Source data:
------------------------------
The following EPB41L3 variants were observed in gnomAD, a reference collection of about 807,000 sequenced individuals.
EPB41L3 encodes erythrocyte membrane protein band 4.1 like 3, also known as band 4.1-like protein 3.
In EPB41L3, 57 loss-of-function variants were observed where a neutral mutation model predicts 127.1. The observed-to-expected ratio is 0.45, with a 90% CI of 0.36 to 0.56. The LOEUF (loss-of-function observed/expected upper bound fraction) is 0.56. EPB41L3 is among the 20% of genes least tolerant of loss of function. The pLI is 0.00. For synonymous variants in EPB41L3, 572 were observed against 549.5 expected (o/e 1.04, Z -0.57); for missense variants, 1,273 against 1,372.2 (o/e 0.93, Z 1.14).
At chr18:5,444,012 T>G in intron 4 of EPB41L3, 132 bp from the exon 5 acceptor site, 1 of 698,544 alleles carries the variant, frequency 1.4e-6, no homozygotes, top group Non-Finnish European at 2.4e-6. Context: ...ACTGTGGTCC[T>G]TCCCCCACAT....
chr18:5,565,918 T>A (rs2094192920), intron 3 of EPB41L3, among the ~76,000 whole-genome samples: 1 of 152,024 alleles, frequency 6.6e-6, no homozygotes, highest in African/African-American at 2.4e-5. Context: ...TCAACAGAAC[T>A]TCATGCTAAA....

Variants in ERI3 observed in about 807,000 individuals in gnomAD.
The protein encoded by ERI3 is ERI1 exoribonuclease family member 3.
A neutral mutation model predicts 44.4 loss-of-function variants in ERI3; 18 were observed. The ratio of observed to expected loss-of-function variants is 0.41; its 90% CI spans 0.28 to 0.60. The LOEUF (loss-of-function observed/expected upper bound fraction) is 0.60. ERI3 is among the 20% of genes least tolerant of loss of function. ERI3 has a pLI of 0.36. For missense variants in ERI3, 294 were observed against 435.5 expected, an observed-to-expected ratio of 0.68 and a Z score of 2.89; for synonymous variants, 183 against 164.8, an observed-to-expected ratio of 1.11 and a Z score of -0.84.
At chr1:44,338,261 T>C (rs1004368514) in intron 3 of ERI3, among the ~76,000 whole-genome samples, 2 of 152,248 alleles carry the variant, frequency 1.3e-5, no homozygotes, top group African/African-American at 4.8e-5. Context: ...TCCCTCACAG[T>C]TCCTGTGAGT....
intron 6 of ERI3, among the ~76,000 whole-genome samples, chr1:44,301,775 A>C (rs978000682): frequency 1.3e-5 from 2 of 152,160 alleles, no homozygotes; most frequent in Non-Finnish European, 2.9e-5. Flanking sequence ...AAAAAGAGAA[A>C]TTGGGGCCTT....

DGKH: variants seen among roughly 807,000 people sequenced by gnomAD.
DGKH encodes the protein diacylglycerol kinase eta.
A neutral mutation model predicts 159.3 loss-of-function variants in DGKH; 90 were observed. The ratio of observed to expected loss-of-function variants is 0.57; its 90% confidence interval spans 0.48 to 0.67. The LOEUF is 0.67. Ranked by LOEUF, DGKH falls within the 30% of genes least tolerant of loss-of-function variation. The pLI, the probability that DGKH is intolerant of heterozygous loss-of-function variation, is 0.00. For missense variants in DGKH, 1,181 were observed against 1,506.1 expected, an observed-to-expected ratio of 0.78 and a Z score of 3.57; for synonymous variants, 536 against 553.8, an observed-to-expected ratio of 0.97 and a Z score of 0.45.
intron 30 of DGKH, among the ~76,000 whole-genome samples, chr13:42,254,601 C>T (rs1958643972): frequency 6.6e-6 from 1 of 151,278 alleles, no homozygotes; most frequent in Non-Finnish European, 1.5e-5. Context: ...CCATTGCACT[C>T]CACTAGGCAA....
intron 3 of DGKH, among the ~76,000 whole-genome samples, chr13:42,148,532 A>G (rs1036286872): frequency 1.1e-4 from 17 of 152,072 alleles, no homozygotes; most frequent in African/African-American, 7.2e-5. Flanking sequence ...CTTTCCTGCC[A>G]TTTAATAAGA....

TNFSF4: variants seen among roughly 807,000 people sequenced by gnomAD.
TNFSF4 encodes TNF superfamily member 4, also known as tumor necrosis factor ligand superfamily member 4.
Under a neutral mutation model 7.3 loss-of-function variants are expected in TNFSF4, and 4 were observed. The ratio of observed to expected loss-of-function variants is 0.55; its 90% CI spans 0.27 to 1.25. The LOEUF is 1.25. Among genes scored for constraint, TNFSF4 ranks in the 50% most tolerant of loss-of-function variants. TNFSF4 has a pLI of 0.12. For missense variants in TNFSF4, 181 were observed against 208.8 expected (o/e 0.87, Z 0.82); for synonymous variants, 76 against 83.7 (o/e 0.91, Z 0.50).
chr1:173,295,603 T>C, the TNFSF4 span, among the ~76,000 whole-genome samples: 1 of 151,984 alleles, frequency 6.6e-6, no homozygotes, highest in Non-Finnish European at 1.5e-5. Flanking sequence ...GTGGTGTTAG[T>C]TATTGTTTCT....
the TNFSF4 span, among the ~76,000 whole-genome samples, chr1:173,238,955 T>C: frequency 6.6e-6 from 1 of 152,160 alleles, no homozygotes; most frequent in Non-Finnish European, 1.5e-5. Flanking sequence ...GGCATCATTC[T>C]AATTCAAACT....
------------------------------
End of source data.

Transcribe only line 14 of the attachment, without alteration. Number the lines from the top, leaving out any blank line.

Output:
intron 30 of DGKH, among the ~76,000 whole-genome samples, chr13:42,254,601 C>T (rs1958643972): frequency 6.6e-6 from 1 of 151,278 alleles, no homozygotes; most frequent in Non-Finnish European, 1.5e-5. Context: ...CCATTGCACT[C>T]CACTAGGCAA....